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China Instates Former Navy Chief Dong Jun as New Defence Minister Amidst Military Reforms

Published December 29, 2023
7 months ago

Beijing has ushered in a new chapter in its military narrative with the appointment of former Navy Chief Dong Jun as China's defence minister. He takes over from his predecessor, Li Shangfu, who vanished from the public realm last August. A change in leadership comes at a critical moment, with President Xi Jinping's vision of cementing China as a dominant global force, a prospect that has stirred unease among neighboring countries.

The 62-year-old Dong Jun brings to the table a wealth of experience, especially in areas pivotal to China's regional aspirations – the South China Sea and Taiwan. His prior roles as vice commander of the East Sea Fleet, a key segment of the Eastern Theatre Command overseeing Taiwan-related affairs, and vice commander of the Southern Theatre Command involved in the South China Sea command, offer him unique insights into two of the most volatile points of international contention.

In his capacity as China's new defence head, Dong will become the chief liaison of the People’s Liberation Army (PLA), forming strategies for external military engagements and media interactions. Of particular note will be his mandate to navigate the delicate military relations with the United States, with missions to de-escalate tensions and avoid conflicts. His familiarity with managing close calls between the two superpowers' militaries could prove invaluable as he assumes a crisis management role.

Experts like Li Mingjiang from the Rajaratnam School of International Studies in Singapore highlight Dong's crisis management abilities. Meanwhile, Wen-Ti Sung from the Atlantic Council’s Global China Hub sees Dong's selection hinting at possible ongoing purges within China's Rocket Force and Equipment Development Department. Notably, Dong's predecessors, hailing from these branches, have since faded away from public engagements.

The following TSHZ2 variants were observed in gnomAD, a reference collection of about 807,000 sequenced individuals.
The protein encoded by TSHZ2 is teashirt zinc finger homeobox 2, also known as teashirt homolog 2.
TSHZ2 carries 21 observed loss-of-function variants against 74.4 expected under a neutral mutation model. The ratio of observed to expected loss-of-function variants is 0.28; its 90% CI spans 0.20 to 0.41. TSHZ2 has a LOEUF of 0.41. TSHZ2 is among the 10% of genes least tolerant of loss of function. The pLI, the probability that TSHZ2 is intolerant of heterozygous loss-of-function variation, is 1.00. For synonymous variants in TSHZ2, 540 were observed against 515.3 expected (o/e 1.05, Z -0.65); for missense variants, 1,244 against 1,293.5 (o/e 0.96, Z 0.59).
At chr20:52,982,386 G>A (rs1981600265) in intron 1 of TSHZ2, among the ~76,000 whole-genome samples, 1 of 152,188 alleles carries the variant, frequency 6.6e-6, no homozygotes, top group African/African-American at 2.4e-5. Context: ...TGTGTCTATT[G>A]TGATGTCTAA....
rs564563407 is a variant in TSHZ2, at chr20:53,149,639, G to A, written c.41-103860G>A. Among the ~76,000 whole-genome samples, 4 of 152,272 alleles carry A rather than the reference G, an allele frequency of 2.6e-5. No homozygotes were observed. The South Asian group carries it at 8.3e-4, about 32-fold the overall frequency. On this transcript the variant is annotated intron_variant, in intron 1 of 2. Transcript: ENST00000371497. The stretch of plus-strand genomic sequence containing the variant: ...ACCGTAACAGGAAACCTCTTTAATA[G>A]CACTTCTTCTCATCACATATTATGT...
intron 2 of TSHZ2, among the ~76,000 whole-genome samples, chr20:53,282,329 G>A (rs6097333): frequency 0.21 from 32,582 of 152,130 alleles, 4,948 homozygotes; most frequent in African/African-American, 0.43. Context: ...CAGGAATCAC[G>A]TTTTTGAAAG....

The ostensible cause for Li Shangfu's abrupt departure and subsequent disappearance after a short-lived tenure as defence minister was a corruption probe related to procurement and development of military equipment. His absence, unaddressed by Beijing, and the purge of his title in October, indicate a larger narrative of internal cleansing. Unlike Li, who faced sanctions from the US inhibiting interactions with his defense counterparts due to his involvement in purchasing Russian military gear, Dong is not restrained by such sanctions.

The backdrop of these changes is President Joe Biden and President Xi Jinping's commitment to reconvene high-level military discussions, a development that arose from their meeting in San Francisco last month. This promising turn, aimed at easing tensions exacerbated by former House Speaker Nancy Pelosi’s contentious visit to Taiwan, illuminates a possible thaw and presents new channels for diplomatic engagement.

The selection of Dong, a figure accustomed to the South China Sea and Taiwan theatres of operation, is a prescient move by China as it calibrates its military strategy with broader global ambitions. How Dong navigates the intricate web of regional geopolitics and his effectiveness in promoting stability while asserting China's military objectives will be critical in shaping the regional balance of power in the coming years.


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